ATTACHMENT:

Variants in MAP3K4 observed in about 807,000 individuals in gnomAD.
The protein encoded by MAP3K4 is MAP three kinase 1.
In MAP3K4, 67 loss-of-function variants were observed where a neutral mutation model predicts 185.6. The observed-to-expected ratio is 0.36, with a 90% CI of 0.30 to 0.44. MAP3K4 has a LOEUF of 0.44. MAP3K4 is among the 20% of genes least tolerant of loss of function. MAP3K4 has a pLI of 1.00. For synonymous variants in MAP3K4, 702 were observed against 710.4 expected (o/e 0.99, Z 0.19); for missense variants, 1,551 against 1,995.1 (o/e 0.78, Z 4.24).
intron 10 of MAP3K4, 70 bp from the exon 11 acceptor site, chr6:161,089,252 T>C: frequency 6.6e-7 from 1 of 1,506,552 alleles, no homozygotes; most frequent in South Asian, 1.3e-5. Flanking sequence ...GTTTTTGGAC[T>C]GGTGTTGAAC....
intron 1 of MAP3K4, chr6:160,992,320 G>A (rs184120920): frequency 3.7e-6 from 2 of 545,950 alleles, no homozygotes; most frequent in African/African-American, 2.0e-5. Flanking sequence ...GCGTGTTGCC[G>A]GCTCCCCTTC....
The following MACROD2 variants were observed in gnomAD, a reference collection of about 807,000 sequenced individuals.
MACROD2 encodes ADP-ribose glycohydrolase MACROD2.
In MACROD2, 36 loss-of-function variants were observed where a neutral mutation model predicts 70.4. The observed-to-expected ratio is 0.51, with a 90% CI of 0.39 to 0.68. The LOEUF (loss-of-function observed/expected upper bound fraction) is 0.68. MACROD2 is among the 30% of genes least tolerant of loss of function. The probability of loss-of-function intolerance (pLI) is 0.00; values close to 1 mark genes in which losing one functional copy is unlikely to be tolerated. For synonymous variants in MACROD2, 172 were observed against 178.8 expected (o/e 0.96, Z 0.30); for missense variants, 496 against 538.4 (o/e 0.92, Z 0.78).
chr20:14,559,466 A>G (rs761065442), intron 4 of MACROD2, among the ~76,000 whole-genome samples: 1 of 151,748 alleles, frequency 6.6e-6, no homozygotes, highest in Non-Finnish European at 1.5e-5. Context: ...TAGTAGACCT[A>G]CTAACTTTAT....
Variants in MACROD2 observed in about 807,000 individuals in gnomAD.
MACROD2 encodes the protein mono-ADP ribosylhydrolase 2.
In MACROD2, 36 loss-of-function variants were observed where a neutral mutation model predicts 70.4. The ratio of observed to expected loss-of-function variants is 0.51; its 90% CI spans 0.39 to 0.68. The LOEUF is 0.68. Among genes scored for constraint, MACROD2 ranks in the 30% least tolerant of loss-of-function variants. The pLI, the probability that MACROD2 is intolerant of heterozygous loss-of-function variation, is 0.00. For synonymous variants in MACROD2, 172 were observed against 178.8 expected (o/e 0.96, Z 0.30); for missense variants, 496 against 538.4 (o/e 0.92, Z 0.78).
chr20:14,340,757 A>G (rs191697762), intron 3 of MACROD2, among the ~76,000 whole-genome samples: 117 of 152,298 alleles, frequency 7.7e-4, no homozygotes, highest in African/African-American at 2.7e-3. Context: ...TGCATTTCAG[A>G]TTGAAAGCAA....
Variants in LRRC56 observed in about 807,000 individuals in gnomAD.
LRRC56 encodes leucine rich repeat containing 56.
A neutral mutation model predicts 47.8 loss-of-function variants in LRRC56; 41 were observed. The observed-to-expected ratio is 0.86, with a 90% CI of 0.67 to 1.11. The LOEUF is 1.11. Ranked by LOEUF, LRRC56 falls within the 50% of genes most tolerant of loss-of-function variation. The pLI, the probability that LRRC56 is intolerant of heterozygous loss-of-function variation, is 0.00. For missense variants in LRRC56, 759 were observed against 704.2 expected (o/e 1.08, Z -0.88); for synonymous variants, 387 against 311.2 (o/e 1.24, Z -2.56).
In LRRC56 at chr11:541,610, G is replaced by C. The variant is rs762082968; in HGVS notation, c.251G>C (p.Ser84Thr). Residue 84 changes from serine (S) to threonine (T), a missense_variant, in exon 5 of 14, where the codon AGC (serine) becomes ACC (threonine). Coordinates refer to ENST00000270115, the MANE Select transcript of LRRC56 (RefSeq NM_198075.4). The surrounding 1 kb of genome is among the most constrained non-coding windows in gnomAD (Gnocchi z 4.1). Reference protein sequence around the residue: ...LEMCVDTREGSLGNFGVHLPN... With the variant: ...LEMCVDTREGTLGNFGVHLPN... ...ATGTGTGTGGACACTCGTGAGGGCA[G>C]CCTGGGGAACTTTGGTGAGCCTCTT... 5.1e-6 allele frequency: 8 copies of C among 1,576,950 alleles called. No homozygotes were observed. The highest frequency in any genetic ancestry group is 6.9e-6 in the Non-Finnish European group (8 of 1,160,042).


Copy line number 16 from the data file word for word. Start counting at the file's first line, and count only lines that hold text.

A neutral mutation model predicts 47.8 loss-of-function variants in LRRC56; 41 were observed. The observed-to-expected ratio is 0.86, with a 90% CI of 0.67 to 1.11. The LOEUF is 1.11. Ranked by LOEUF, LRRC56 falls within the 50% of genes most tolerant of loss-of-function variation. The pLI, the probability that LRRC56 is intolerant of heterozygous loss-of-function variation, is 0.00. For missense variants in LRRC56, 759 were observed against 704.2 expected (o/e 1.08, Z -0.88); for synonymous variants, 387 against 311.2 (o/e 1.24, Z -2.56).